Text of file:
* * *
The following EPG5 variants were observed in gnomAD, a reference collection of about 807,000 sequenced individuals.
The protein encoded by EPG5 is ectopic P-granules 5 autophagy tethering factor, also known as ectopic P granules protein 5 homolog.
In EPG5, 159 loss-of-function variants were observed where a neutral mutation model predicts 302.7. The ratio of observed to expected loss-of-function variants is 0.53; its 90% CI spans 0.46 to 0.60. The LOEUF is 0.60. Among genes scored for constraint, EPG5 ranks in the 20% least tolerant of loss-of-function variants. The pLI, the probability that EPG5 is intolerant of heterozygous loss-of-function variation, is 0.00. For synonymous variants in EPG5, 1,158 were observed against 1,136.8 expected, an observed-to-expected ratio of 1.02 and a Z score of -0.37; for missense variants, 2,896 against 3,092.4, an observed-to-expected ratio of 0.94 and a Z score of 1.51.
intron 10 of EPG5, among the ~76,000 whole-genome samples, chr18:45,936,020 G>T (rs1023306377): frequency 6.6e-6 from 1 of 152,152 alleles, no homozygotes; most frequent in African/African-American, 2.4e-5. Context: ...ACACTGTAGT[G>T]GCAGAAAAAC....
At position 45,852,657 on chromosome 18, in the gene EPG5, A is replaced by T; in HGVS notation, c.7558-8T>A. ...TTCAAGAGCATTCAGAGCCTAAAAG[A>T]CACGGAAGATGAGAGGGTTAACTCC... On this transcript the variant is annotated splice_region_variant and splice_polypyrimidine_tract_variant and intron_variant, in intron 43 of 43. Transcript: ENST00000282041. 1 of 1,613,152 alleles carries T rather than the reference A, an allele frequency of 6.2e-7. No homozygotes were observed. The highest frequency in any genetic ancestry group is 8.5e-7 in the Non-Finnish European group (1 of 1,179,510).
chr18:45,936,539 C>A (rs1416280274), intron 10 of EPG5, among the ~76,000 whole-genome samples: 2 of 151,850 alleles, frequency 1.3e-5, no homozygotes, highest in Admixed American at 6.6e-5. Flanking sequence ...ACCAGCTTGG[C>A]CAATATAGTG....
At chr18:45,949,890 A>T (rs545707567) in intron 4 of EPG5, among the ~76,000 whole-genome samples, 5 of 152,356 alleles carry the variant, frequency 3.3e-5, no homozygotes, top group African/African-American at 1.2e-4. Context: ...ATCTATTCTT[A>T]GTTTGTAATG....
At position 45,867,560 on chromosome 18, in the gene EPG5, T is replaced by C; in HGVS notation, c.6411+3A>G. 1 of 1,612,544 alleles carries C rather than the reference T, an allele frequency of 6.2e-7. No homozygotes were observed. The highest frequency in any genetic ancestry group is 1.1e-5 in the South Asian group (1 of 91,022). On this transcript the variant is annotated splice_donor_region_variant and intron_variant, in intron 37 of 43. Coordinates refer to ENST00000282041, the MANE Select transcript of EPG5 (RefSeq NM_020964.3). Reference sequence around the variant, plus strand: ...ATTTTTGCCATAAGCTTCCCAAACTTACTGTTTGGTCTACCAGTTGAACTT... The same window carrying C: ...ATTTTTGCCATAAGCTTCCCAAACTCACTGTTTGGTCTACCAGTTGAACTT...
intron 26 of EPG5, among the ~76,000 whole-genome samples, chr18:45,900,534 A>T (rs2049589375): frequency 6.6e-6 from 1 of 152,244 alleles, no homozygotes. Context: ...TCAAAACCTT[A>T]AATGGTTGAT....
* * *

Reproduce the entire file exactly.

The following EPG5 variants were observed in gnomAD, a reference collection of about 807,000 sequenced individuals.
The protein encoded by EPG5 is ectopic P-granules 5 autophagy tethering factor, also known as ectopic P granules protein 5 homolog.
In EPG5, 159 loss-of-function variants were observed where a neutral mutation model predicts 302.7. The ratio of observed to expected loss-of-function variants is 0.53; its 90% CI spans 0.46 to 0.60. The LOEUF is 0.60. Among genes scored for constraint, EPG5 ranks in the 20% least tolerant of loss-of-function variants. The pLI, the probability that EPG5 is intolerant of heterozygous loss-of-function variation, is 0.00. For synonymous variants in EPG5, 1,158 were observed against 1,136.8 expected, an observed-to-expected ratio of 1.02 and a Z score of -0.37; for missense variants, 2,896 against 3,092.4, an observed-to-expected ratio of 0.94 and a Z score of 1.51.
intron 10 of EPG5, among the ~76,000 whole-genome samples, chr18:45,936,020 G>T (rs1023306377): frequency 6.6e-6 from 1 of 152,152 alleles, no homozygotes; most frequent in African/African-American, 2.4e-5. Context: ...ACACTGTAGT[G>T]GCAGAAAAAC....
At position 45,852,657 on chromosome 18, in the gene EPG5, A is replaced by T; in HGVS notation, c.7558-8T>A. ...TTCAAGAGCATTCAGAGCCTAAAAG[A>T]CACGGAAGATGAGAGGGTTAACTCC... On this transcript the variant is annotated splice_region_variant and splice_polypyrimidine_tract_variant and intron_variant, in intron 43 of 43. Transcript: ENST00000282041. 1 of 1,613,152 alleles carries T rather than the reference A, an allele frequency of 6.2e-7. No homozygotes were observed. The highest frequency in any genetic ancestry group is 8.5e-7 in the Non-Finnish European group (1 of 1,179,510).
chr18:45,936,539 C>A (rs1416280274), intron 10 of EPG5, among the ~76,000 whole-genome samples: 2 of 151,850 alleles, frequency 1.3e-5, no homozygotes, highest in Admixed American at 6.6e-5. Flanking sequence ...ACCAGCTTGG[C>A]CAATATAGTG....
At chr18:45,949,890 A>T (rs545707567) in intron 4 of EPG5, among the ~76,000 whole-genome samples, 5 of 152,356 alleles carry the variant, frequency 3.3e-5, no homozygotes, top group African/African-American at 1.2e-4. Context: ...ATCTATTCTT[A>T]GTTTGTAATG....
At position 45,867,560 on chromosome 18, in the gene EPG5, T is replaced by C; in HGVS notation, c.6411+3A>G. 1 of 1,612,544 alleles carries C rather than the reference T, an allele frequency of 6.2e-7. No homozygotes were observed. The highest frequency in any genetic ancestry group is 1.1e-5 in the South Asian group (1 of 91,022). On this transcript the variant is annotated splice_donor_region_variant and intron_variant, in intron 37 of 43. Coordinates refer to ENST00000282041, the MANE Select transcript of EPG5 (RefSeq NM_020964.3). Reference sequence around the variant, plus strand: ...ATTTTTGCCATAAGCTTCCCAAACTTACTGTTTGGTCTACCAGTTGAACTT... The same window carrying C: ...ATTTTTGCCATAAGCTTCCCAAACTCACTGTTTGGTCTACCAGTTGAACTT...
intron 26 of EPG5, among the ~76,000 whole-genome samples, chr18:45,900,534 A>T (rs2049589375): frequency 6.6e-6 from 1 of 152,244 alleles, no homozygotes. Context: ...TCAAAACCTT[A>T]AATGGTTGAT....